For advanced nuclear projects in the US, there is urgency in developing new siting processes. Beyond the targets for steep reductions in greenhouse gas emissions set by the Biden Administration [6
], several advanced reactor designs are working through the Nuclear Regulatory Commission and could break ground on demonstration projects in the next five years [7
]. Reactor developers will need to start identifying potential sites for their first commercial projects on similar timelines.
Siting will be one of the largest challenges to any accelerated clean energy transition. This paper will investigate ways to improve the process for siting by looking at case studies of both successes and failures in energy infrastructure siting. No country has built a commercial advanced nuclear project, and the US has not cited a new nuclear power plant in over 30 years. Therefore, these case studies will draw on examples from the nuclear fuel cycle as well as other large-scale energy projects. While this study focuses on mitigating siting challenges for advanced nuclear projects specifically, the lessons learned should have broader applicability to clean energy infrastructure. Importantly, as opposition to renewables and transmission has grown in recent decades, there is a need to develop just and equitable processes for siting and deployment across the energy sector. Here, there might be some lessons that nuclear can share, from its own failures and more recent successes. This study will conclude with recommendations for how to incorporate social sciences into engineering standards for clean energy deployment.
2. Successes and Failures in Energy System Deployment
Siting traditional nuclear power plants has a long and storied history in the US. Starting in the 1960s and continuing into the early 1970s, the Atomic Energy Commission served a dual purpose as both promoter and regulator of nuclear energy, which introduced a conflict of interest when siting projects. At this point, the moniker for the siting process for nuclear plants during this era came to be known as “decide-and-announce”. Things were destined to change when in 1970 the National Environmental Policy Act (NEPA) was passed into law and in 1974, and the AEC was divided up, with its regulatory function given to the new, independent Nuclear Regulatory Commission. NEPA required federal agencies to perform environmental assessments for potential projects and had the potential to make the nuclear plant siting process more democratic and transparent. Instead, project developers mostly adapted to a “decide-announce-defend” model, with significant resources now going to fight lawsuits from local groups who were now using NEPA to stop projects [8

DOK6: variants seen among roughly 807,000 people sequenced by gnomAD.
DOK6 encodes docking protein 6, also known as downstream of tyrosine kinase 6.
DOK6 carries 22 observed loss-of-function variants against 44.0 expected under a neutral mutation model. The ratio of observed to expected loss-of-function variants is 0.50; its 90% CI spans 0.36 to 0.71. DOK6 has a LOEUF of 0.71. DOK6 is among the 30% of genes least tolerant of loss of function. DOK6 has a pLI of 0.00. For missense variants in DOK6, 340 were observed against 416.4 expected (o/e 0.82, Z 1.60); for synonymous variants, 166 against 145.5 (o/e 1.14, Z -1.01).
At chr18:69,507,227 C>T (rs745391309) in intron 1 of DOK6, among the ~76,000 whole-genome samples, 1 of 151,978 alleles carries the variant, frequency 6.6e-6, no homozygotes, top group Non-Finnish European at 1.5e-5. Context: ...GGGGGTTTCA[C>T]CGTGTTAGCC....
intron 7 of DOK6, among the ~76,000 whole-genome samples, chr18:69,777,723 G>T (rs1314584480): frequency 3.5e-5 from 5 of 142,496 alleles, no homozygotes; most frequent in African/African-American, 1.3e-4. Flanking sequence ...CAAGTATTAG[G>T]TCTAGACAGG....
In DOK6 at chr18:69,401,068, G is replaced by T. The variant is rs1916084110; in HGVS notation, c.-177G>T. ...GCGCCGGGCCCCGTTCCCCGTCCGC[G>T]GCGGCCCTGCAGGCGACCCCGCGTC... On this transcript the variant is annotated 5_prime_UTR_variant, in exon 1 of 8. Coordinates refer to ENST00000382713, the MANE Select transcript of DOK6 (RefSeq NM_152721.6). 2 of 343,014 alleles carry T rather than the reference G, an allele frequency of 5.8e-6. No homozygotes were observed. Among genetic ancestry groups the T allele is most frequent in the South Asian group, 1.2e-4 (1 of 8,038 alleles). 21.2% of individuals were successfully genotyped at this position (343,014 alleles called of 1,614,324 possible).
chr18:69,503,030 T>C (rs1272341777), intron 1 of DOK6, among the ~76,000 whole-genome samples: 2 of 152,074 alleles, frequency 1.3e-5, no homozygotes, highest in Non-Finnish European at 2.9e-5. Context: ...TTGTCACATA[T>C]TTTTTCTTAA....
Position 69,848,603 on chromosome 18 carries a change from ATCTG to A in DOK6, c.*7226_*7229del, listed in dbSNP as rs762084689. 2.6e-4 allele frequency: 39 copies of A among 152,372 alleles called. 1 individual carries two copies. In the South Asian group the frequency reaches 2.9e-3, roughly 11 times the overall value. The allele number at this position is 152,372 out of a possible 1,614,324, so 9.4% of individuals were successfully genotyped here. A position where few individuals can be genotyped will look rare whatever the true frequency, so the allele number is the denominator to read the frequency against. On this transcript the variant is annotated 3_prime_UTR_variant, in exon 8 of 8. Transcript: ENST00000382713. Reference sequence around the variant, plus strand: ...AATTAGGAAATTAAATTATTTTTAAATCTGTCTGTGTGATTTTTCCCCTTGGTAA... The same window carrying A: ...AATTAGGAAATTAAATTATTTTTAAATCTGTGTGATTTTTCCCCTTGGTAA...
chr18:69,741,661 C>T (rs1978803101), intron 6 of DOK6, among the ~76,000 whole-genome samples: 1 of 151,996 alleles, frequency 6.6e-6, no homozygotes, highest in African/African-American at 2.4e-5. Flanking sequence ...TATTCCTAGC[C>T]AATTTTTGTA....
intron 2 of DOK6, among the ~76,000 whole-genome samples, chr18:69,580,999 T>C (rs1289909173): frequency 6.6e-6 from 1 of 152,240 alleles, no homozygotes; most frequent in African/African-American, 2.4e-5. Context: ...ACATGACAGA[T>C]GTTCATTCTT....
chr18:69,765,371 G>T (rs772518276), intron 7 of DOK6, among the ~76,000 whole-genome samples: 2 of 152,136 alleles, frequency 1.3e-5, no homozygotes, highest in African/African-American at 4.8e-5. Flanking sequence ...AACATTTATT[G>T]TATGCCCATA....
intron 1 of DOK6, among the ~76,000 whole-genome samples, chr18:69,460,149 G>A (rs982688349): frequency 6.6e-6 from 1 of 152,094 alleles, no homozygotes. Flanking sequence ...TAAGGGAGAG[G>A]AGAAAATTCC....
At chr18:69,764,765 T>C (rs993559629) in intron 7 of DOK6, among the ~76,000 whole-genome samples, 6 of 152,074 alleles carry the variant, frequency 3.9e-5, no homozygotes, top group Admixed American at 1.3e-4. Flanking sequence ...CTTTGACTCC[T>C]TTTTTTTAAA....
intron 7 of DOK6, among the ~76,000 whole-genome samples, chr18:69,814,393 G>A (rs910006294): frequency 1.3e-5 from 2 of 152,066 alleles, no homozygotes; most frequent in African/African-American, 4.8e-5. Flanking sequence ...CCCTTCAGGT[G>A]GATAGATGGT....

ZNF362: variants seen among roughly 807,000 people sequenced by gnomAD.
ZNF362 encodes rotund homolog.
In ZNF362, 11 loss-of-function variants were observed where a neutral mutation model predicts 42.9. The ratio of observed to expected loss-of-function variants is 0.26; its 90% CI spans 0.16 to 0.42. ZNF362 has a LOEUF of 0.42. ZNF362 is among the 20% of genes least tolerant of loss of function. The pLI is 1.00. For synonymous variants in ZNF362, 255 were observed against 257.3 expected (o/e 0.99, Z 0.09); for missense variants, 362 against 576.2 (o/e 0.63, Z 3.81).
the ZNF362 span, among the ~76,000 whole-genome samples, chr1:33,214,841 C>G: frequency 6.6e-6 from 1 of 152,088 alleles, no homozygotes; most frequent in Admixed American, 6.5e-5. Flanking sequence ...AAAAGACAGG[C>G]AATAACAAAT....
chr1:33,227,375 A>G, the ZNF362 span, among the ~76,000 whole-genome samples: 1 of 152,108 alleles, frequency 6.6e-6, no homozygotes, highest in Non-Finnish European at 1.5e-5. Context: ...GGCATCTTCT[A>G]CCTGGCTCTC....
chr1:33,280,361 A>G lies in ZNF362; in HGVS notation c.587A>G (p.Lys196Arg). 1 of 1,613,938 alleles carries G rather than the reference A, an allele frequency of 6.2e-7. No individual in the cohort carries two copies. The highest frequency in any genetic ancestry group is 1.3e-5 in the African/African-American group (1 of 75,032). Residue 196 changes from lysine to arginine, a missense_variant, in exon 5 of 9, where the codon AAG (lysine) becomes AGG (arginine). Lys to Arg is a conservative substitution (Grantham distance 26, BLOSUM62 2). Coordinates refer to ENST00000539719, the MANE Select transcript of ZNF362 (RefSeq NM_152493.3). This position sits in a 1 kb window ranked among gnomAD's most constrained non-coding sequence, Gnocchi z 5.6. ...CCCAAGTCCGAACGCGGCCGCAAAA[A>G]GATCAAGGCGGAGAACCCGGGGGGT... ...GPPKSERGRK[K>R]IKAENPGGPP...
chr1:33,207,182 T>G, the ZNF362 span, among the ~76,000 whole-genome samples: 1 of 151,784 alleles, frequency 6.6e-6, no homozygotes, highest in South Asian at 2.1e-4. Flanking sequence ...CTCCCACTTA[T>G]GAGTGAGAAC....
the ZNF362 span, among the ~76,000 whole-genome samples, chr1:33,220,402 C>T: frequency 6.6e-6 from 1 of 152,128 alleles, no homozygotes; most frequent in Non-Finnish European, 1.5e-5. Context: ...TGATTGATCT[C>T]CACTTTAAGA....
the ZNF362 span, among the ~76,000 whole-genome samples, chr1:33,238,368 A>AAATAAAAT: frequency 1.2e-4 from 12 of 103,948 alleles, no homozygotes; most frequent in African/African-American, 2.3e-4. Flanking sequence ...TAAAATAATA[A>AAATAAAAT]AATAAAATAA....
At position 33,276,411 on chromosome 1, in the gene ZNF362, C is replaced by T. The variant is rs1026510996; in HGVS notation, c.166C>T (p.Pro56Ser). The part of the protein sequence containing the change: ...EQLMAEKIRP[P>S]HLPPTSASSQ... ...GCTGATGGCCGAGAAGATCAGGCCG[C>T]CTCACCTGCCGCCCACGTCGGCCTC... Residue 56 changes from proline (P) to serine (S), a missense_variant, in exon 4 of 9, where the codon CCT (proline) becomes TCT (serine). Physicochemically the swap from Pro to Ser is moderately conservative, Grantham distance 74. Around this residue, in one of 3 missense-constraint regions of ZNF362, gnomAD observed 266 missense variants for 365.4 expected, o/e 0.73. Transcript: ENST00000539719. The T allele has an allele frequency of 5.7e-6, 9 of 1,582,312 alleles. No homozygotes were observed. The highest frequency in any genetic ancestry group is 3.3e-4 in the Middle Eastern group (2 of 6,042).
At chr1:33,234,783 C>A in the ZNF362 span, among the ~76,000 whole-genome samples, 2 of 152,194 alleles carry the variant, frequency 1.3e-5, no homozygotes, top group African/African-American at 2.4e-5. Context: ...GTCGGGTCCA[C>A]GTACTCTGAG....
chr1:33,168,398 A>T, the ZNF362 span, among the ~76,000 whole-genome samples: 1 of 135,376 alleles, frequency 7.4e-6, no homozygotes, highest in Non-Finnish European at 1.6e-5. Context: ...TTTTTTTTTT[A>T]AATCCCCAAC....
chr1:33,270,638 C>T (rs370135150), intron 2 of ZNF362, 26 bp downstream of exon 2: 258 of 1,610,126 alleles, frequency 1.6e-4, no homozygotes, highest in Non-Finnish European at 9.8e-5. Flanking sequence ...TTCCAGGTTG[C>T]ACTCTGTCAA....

]. Due to a confluence of events, including mounting opposition following Three-Mile Island, cost escalation, and stagnant demand for electricity, no new nuclear power plants have been sited in the U.S. in more than three decades. This provides the industry with an opportunity to start fresh with more equitable processes with the new suite of advanced reactor projects that will become commercially available over the next decade.
Historically, public opinion of nuclear energy has been driven by concerns over energy security and major accidents [9
]. Gupta et al. (2019) found that support for nuclear energy was at a low point, averaging 49% over the last few years. Yet research from the same group found that support for new nuclear technologies, specifically Small Modular Reactors, was higher than for traditional large-scale nuclear, and support for new builds at existing nuclear sites was higher than for new sites [10
]. Yet high public support may not mitigate local opposition to projects. For example, in the US there is consistently high public support for wind energy—often above 80%—yet a similarly high proportion of wind projects face local opposition to siting [11
Looking at opposition more broadly, Boudet (2019) surveyed studies of public perception of new and emerging energy technologies and found that opinion was shaped by four factors: technology, people, place, and process [12
]. In the short term, nuclear technologies cannot be fundamentally changed, and unfortunately nuclear falls into unfavorable categories for many metrics. In the longer term, there should be more explicit efforts to innovate nuclear technologies to make them more appealing to consumers: smaller, simpler, fast to build.